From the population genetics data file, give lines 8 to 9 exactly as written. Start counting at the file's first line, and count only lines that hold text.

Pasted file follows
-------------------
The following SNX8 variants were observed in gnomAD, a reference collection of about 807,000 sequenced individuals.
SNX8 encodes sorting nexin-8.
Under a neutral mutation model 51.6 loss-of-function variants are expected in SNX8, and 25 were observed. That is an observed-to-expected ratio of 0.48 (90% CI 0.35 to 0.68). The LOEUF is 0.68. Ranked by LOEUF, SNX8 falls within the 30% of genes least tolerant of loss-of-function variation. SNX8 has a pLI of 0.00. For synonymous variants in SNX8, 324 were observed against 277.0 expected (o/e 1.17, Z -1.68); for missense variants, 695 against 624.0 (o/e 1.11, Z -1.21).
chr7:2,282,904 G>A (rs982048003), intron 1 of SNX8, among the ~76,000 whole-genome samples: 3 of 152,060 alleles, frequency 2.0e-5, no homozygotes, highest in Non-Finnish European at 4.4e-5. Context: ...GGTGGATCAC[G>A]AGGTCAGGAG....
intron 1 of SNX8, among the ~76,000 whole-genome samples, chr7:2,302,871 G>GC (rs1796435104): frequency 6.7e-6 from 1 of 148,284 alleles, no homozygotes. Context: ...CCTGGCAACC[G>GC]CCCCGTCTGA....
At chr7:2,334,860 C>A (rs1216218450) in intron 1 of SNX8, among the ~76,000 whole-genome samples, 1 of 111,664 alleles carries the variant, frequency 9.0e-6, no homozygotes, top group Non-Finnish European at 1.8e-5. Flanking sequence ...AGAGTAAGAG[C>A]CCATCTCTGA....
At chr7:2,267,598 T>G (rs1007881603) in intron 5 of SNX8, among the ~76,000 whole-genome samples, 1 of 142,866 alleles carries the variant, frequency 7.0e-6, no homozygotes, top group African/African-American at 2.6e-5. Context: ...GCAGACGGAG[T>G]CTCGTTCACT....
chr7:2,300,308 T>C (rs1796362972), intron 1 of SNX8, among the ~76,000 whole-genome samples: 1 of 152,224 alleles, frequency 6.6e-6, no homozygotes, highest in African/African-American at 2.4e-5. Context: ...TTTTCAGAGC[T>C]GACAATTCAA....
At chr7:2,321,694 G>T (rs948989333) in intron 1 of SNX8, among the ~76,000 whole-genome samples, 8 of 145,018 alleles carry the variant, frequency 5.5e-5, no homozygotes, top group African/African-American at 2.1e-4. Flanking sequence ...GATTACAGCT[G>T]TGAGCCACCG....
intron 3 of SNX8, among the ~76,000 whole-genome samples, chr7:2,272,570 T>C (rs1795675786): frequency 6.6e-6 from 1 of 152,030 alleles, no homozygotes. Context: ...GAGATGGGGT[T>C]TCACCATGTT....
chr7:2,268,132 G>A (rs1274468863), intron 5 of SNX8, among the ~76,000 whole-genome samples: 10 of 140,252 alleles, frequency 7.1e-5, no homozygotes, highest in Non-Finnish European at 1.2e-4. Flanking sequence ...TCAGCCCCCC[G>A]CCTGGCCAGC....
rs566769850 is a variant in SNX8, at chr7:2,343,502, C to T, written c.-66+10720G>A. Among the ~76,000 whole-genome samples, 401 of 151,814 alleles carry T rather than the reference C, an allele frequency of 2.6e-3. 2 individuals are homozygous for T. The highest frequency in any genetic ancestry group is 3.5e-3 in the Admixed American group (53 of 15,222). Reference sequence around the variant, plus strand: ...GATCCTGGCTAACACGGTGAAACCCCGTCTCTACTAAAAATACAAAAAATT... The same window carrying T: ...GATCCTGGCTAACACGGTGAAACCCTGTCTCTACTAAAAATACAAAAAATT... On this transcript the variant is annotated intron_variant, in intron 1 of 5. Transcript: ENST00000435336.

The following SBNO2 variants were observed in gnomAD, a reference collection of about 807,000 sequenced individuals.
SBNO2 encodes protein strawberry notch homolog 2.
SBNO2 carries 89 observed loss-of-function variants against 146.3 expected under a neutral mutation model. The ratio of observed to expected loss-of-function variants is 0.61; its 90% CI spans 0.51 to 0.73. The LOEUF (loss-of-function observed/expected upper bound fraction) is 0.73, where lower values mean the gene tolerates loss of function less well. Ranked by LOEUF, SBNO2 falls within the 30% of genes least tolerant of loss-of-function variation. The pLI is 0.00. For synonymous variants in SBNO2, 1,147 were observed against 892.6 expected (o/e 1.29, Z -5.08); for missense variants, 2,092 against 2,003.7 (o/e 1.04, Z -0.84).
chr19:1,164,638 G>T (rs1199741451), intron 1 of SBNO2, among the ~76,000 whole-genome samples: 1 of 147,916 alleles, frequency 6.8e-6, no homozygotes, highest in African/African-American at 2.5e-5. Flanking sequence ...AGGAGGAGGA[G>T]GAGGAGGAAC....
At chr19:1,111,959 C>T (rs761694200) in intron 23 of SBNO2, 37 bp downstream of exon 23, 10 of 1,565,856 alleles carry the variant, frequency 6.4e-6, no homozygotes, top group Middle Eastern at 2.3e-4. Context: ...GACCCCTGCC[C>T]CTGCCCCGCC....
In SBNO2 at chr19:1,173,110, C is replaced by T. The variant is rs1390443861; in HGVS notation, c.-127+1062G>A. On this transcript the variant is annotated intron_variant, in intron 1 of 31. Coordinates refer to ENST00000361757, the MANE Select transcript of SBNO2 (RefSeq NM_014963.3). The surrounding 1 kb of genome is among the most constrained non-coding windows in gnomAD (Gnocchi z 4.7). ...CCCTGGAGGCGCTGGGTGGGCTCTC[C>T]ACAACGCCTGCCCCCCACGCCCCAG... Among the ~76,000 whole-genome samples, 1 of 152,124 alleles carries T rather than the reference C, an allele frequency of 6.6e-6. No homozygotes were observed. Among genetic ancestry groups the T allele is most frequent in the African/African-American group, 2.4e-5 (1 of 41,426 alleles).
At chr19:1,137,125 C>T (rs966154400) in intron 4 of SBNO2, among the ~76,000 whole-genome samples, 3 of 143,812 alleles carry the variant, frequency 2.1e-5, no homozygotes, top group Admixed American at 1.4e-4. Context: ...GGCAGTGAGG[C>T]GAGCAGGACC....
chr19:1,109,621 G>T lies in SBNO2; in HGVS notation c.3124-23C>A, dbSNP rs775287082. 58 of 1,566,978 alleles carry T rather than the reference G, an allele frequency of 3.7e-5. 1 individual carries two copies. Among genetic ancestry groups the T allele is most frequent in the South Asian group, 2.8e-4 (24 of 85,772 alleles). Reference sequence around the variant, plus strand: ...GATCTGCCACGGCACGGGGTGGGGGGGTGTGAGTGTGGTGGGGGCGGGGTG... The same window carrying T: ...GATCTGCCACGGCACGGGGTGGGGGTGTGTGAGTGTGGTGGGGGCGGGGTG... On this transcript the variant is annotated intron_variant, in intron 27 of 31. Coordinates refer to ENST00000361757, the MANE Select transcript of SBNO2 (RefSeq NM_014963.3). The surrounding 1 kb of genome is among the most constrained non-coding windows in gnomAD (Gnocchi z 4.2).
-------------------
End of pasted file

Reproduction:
chr7:2,300,308 T>C (rs1796362972), intron 1 of SNX8, among the ~76,000 whole-genome samples: 1 of 152,224 alleles, frequency 6.6e-6, no homozygotes, highest in African/African-American at 2.4e-5. Context: ...TTTTCAGAGC[T>C]GACAATTCAA....
At chr7:2,321,694 G>T (rs948989333) in intron 1 of SNX8, among the ~76,000 whole-genome samples, 8 of 145,018 alleles carry the variant, frequency 5.5e-5, no homozygotes, top group African/African-American at 2.1e-4. Flanking sequence ...GATTACAGCT[G>T]TGAGCCACCG....